Health Information Exchanges Need to Alter Their Course, Report Says

State Health Information Exchanges are barely out of the starting gate but might already need to change course, according to a new report from the HIMSS State Advisory Roundtable.

The report, "States Will Transform Healthcare through Health IT and HIE Organizations," asserts that as the industry evolves "the sustainability model for HIEs also must change, and concentrate more on coordination facilitation, instead of merely information exchange.” The change in direction could help HIEs thrive as the healthcare industry moves from a fee-for-service to a value-based care model.

Indeed, there are big questions about many HIEs' sustainability under the current information exchange model.

"With few exceptions, such as Rhode Island and Vermont, the state-level HIE business model is almost completely void of private investment, leveraging mostly state and federal funds for development and implementation activities," according to the report. "Most models that have found success to date are based on driving efficiencies to providers in a fee-for-service model."

To succeed under new reimbursement models, however, HIEs need to expand their scope.

"This will likely come in the form of leveraging HIEs for care coordination, tele-health visits and quality and payment analytics. Therefore, the business of state HIEs will likely need to shift from 'facilitator of sharing' to 'data aggregator and analyzer' in order to build a sustainable business plan. The challenge will be to provide a basis for comparison across private providers," the report states.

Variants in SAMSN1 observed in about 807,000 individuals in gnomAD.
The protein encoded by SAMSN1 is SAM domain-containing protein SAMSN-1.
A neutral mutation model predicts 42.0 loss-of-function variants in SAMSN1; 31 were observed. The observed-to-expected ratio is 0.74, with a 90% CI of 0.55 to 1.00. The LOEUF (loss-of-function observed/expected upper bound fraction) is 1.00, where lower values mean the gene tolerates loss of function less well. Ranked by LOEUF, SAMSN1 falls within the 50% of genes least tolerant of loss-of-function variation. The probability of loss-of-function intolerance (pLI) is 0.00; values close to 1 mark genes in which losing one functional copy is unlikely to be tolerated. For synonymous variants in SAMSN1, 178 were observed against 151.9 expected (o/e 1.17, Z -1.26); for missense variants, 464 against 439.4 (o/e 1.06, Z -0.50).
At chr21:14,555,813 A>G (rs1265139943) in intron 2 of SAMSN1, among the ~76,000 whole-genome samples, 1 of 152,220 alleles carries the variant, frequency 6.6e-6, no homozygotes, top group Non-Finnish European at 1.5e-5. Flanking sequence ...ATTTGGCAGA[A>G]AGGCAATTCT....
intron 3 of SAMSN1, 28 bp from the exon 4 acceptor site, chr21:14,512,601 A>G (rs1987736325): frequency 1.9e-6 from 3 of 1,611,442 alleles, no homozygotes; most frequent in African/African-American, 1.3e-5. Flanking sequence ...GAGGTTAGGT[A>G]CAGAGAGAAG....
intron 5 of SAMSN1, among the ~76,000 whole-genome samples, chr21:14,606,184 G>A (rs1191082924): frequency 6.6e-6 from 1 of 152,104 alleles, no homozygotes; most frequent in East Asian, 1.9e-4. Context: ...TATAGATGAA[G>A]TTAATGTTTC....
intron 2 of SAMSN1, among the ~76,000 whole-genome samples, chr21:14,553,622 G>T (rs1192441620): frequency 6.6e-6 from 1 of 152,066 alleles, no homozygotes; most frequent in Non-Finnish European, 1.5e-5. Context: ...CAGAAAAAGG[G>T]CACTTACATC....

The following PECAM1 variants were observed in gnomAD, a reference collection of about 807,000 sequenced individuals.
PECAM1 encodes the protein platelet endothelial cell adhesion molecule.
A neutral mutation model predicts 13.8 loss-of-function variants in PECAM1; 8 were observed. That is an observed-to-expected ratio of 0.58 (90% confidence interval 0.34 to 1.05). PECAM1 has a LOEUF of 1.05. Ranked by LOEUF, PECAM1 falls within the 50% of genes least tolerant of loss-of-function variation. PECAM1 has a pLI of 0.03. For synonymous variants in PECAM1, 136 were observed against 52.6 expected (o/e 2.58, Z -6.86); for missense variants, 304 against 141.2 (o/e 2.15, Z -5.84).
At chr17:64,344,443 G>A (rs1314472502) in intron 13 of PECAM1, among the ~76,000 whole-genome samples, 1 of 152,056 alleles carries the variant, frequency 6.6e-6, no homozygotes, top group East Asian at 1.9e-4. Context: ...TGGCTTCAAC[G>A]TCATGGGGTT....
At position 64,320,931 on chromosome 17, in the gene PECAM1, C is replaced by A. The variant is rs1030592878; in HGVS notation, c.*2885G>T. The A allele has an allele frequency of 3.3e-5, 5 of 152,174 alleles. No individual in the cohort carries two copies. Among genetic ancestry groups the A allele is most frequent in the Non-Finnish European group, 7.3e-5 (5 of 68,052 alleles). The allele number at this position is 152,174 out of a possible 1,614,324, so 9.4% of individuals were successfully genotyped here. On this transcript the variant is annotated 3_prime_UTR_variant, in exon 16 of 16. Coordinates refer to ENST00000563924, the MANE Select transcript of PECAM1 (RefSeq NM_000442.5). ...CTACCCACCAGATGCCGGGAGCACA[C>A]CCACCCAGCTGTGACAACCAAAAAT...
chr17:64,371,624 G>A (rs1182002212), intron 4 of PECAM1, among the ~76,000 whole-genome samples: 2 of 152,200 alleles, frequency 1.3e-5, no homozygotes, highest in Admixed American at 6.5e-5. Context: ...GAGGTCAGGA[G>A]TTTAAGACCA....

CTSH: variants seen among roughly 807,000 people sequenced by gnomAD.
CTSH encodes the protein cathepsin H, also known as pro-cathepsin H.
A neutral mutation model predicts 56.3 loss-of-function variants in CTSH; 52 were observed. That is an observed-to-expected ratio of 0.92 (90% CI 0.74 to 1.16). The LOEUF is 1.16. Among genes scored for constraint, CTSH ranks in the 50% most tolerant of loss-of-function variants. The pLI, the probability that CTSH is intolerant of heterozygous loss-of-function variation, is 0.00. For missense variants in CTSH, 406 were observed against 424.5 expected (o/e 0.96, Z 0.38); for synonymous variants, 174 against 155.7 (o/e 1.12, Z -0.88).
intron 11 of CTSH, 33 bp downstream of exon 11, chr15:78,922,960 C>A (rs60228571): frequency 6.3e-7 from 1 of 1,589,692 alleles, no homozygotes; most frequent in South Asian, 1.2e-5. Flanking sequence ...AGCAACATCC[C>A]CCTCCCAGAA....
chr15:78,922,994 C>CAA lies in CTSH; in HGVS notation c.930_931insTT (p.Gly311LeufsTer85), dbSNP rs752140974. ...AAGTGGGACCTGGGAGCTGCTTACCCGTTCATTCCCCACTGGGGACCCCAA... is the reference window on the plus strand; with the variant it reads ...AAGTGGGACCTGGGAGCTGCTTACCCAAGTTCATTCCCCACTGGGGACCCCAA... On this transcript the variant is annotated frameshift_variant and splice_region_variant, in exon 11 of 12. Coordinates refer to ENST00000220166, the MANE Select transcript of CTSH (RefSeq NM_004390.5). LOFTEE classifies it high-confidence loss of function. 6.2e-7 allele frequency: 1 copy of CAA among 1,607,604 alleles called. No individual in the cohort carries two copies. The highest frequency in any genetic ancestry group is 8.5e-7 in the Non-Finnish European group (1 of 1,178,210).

In a blog post on the Government Health IT website, Vermont Gov. Jim Douglas and former Wyoming Gov. Jim Geringer, both members of the HIMSS roundtable, offered the following advice:

  • States should leverage their HIEs and other IT infrastructure in new and innovative ways, such as closer partnerships among state governmental entities, regional extension centers, and professional trade associations.
  • Health IT "transcends political lines" and should be a top legislative priority, regardless of which party is in power, to maintain its forward momentum.
  • States should "facilitate, engage and educate patients and consumers with the delivery of their healthcare services and promote overall increase in health literacy."
  • Health IT should be foundational to healthcare reform.
  • As that reform drives the shift from fee-for-service to pay-for-quality models, state-level HIEs--to remain sustainable--will need to change their business model, from health information exchange to healthcare coordination facilitation.
  • Better coordination is needed between and among federal and state health agencies to make sure state-level HIEs are aligned with funding sources to ensure success.